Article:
All the logos were assembled: Mister Windsor had been driven down from New England; headquarters being in New York, Reb Giovanni was playing host, setting out pastrami and salami, knishes and cannoli; Big Daddy Leon and Bubba Billy-Bob were joshing each other about southern team sympathies; Wang-san and Señor Vato maintained their endless debate on west coast fandom; the great room was churning with voices.
As you know, last week, the Toronto Blue Jays’ Wild Card Game victory over the Baltimore Orioles was punctuated by a home fan hurling a can of beer at Orioles’ outfielder Hyun Soo Kim, recalling for many a similar incident in last year’s playoffs, in which likeminded characters threw garbage and other items onto the field in a heated moment, culminating in a baby in attendance being doused with beer. The baby was then itself tossed onto the field, because as it turns out, they may not, per Harold Reynolds, be able to catch, but Blue Jays fans are only too thrilled to throw objects at baseball games.
Curtains up on PITCHER, C.S., and CATCHER, crossing to stage left of center.
I want to throw this guy a fastball.
You wanted to throw the first guy a fastball. It still hasn’t landed.
As the final weeks of regular season play bear down upon us, frothy and chomping, rabid with glee, we would like to take a brief and largely premature look back at some predictions that were made by the BNI staff some five or six months younger, as part of our effort to make demonstrations of professionalism that mean very little, except that the bar for accountability in sports journalism is so low we cannot even trip over it.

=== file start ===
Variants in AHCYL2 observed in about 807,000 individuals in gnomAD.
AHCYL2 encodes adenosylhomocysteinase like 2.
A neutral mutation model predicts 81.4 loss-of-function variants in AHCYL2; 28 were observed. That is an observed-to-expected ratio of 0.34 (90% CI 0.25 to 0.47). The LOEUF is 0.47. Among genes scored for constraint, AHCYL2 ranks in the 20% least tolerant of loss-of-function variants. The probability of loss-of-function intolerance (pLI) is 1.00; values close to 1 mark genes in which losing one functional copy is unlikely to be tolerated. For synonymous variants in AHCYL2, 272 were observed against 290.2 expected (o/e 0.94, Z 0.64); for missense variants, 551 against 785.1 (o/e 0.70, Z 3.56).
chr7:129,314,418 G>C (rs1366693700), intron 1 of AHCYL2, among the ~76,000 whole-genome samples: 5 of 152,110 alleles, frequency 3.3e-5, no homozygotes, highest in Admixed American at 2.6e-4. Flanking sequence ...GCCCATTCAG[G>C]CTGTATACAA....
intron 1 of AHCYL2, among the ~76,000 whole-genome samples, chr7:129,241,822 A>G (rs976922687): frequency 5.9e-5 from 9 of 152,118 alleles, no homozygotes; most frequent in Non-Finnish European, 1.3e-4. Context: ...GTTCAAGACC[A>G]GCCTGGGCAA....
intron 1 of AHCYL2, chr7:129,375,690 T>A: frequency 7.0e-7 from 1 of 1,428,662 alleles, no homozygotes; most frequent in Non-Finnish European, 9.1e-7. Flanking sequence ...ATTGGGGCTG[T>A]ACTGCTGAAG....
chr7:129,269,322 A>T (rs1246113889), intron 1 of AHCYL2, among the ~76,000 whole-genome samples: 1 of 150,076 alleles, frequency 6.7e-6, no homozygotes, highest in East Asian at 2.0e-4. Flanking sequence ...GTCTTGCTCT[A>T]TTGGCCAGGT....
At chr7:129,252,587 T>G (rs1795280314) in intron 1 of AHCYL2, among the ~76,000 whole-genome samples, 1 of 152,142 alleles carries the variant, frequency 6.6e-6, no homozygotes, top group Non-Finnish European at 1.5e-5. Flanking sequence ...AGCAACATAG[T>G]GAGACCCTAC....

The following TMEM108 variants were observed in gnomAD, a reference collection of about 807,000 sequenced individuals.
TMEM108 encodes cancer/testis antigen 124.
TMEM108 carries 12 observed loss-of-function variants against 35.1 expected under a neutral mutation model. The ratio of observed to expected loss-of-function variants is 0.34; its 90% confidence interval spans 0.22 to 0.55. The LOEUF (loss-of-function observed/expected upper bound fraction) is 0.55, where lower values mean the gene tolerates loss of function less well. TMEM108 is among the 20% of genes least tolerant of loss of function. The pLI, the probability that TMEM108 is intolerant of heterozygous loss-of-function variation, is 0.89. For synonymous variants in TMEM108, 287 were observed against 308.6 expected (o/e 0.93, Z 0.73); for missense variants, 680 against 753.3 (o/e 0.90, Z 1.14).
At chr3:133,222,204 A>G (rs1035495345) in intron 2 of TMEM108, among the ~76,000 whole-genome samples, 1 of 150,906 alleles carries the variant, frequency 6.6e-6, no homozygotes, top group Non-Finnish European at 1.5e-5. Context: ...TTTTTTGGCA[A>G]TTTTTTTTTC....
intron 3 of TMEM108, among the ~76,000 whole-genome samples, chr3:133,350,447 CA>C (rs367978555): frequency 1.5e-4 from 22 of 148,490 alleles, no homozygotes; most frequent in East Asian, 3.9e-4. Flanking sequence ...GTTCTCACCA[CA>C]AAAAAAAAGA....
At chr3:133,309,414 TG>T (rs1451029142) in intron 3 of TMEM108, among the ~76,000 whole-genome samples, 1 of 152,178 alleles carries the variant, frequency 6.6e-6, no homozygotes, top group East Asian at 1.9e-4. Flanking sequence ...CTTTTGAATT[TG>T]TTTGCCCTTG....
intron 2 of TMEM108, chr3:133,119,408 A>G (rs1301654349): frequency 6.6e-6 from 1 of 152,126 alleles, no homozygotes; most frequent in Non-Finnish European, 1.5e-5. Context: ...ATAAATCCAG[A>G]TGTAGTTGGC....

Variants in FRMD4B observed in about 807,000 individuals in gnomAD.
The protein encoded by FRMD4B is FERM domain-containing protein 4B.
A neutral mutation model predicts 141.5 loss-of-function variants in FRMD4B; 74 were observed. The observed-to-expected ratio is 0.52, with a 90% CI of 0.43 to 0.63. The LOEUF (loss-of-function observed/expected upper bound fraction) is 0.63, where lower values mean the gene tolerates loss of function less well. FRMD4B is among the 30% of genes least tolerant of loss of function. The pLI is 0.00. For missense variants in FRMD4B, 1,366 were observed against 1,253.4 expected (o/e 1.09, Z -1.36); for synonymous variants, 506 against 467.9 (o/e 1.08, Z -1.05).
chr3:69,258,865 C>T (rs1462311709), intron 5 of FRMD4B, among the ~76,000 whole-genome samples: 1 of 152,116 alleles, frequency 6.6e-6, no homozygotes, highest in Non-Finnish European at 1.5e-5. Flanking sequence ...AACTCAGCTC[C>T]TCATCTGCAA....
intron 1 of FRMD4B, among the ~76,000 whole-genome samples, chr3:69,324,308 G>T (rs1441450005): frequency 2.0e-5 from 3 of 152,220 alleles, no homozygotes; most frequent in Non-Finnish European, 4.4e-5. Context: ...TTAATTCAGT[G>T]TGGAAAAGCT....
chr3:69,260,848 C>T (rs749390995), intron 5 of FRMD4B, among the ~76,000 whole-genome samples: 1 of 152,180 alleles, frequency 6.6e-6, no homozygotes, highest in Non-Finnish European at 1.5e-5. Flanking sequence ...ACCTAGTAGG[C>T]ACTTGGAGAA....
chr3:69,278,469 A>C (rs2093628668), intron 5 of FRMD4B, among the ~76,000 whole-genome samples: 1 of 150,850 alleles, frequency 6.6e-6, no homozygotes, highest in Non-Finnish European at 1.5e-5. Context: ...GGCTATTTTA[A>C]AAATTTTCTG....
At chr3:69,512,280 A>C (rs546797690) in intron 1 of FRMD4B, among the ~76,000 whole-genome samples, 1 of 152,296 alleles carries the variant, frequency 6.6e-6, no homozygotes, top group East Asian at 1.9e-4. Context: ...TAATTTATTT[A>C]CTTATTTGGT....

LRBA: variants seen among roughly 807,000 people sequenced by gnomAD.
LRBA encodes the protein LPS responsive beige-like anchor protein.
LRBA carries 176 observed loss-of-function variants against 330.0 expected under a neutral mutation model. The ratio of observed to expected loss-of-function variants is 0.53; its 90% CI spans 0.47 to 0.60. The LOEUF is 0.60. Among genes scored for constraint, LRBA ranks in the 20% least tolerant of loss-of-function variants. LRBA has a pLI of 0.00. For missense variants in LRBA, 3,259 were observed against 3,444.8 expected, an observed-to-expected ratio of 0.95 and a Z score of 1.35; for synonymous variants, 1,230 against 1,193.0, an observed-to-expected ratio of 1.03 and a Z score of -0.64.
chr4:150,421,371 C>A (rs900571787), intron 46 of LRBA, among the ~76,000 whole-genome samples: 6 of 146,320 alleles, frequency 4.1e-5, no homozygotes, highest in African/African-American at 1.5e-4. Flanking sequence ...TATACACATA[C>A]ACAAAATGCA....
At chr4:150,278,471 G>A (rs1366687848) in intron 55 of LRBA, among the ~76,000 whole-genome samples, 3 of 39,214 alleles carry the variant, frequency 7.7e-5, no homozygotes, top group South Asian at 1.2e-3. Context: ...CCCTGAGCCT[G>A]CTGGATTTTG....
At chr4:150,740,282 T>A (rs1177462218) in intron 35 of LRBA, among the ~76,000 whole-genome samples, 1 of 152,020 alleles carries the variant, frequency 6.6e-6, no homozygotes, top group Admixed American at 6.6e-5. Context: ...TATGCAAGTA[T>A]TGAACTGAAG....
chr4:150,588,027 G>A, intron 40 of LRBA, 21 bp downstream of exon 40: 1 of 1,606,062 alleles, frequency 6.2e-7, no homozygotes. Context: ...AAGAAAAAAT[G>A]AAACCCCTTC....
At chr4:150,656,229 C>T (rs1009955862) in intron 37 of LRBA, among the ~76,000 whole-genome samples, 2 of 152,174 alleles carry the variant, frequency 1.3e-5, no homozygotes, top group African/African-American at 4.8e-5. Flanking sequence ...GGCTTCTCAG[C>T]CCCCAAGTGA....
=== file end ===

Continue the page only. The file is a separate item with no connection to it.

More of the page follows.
1. Who will win the AL East?
There’s a tight four-team competition for the AL East, with only the Rays knocked out of contention. With the current leader — Boston — finishing the season with series in Toronto and New York, the division may not be won until the final game of the season.
2. Can Daniel Murphy stay hot in the playoffs?
In the 2015 post-season, Daniel Murphy hit an astounding 7 homers in just 14 games. That offensive explosion has carried over into the 2016 regular season and has earned the Pride of Jacksonville University serious MVP consideration.
3. Can the Cubs break the all-time win record?
With 93 wins and only 17 games left, can the Cubs break the 2001 Seattle Mariners’ record of 116 wins in a single season? Joe Maddon recently said, “No, that’s not mathematically possible.” But that’s not likely to stop them from trying. Stay tuned!
4. Will Tebow arrive in time to save the Mets’ season?
Ten games behind the Nationals and stinging from the departure of JU alum Daniel Murphy, the Mets could really use a 30-year-old broadcaster-turned-outfielder who hasn’t played baseball since high school. Manager Terry Collins has intimated over the past week that the team plans to have him play two-ways, both offense and defense, though it is unclear whether he will be expected to run the option while hitting.
5. Yankees fans expected to start paying attention soon!
As the season winds down, New York fans are beginning to awaken from their year-long abstinence from actually caring about baseball to check on how the Yankees are doing in the playoffs. According to ESPN, if the Yankees fans awaken and don’t see the Yankees in the playoffs, then the MLB post-season will end early, and the NFL football season will be in full swing. But if the Yankees see a playoff team, then the MLB postseason will be long and bloated and overfull with documentaries about Mickey Mantle, Derek Jeter, and not about how uneven wealth is definitely ruining baseball.